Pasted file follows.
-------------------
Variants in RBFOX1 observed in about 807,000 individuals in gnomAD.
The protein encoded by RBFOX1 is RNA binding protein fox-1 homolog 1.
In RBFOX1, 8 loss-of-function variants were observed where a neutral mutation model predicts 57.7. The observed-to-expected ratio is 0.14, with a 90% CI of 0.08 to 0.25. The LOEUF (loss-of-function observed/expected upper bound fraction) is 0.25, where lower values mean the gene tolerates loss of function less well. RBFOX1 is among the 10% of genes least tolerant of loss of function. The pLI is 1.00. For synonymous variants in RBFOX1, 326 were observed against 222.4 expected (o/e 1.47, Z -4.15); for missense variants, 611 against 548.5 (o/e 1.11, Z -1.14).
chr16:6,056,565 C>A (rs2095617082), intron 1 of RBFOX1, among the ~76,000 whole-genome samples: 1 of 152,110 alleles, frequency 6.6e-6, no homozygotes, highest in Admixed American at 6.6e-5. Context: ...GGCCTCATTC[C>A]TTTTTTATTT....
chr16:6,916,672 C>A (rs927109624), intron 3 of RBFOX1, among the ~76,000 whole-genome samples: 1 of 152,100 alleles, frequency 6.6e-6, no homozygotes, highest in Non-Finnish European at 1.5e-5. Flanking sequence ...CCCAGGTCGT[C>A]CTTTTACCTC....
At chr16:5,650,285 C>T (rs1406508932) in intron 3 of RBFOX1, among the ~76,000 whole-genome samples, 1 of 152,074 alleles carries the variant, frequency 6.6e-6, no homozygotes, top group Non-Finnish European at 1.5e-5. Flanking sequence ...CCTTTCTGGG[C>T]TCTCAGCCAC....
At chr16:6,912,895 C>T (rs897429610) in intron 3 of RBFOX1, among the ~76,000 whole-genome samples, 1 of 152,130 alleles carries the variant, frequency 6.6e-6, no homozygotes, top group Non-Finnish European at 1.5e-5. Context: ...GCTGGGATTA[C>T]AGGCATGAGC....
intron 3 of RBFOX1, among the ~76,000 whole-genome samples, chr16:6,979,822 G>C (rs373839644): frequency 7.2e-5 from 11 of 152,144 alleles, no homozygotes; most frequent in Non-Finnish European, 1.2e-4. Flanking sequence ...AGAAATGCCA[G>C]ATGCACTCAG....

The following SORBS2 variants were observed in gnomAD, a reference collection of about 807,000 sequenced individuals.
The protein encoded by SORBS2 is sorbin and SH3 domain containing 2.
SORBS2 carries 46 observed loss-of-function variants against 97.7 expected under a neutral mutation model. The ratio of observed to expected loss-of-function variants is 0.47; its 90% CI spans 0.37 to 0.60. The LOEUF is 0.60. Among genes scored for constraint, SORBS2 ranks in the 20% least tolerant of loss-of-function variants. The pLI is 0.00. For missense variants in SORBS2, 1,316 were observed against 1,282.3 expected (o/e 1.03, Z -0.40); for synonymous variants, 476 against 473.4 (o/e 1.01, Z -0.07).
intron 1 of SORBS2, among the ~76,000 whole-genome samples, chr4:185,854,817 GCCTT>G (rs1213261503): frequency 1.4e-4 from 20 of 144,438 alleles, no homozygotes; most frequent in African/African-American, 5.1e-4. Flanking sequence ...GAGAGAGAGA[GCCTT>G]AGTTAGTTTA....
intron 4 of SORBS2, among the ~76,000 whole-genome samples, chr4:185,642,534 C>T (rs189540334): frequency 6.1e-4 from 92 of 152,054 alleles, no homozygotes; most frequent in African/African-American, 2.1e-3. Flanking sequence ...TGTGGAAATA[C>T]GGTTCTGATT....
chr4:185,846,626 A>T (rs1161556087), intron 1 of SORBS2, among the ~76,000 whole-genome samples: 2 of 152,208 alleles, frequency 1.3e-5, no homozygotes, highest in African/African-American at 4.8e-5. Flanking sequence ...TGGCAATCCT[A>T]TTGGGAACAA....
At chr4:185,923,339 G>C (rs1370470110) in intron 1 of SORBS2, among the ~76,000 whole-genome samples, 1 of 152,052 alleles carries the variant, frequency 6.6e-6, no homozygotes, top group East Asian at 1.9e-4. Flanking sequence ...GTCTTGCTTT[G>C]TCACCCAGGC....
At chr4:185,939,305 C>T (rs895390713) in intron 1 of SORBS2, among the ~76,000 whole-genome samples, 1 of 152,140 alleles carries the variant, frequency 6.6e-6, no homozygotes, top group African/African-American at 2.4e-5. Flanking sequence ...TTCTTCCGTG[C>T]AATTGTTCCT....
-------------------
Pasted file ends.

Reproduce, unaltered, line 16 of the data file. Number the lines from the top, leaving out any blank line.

At chr4:185,939,305 C>T (rs895390713) in intron 1 of SORBS2, among the ~76,000 whole-genome samples, 1 of 152,140 alleles carries the variant, frequency 6.6e-6, no homozygotes, top group African/African-American at 2.4e-5. Flanking sequence ...TTCTTCCGTG[C>T]AATTGTTCCT....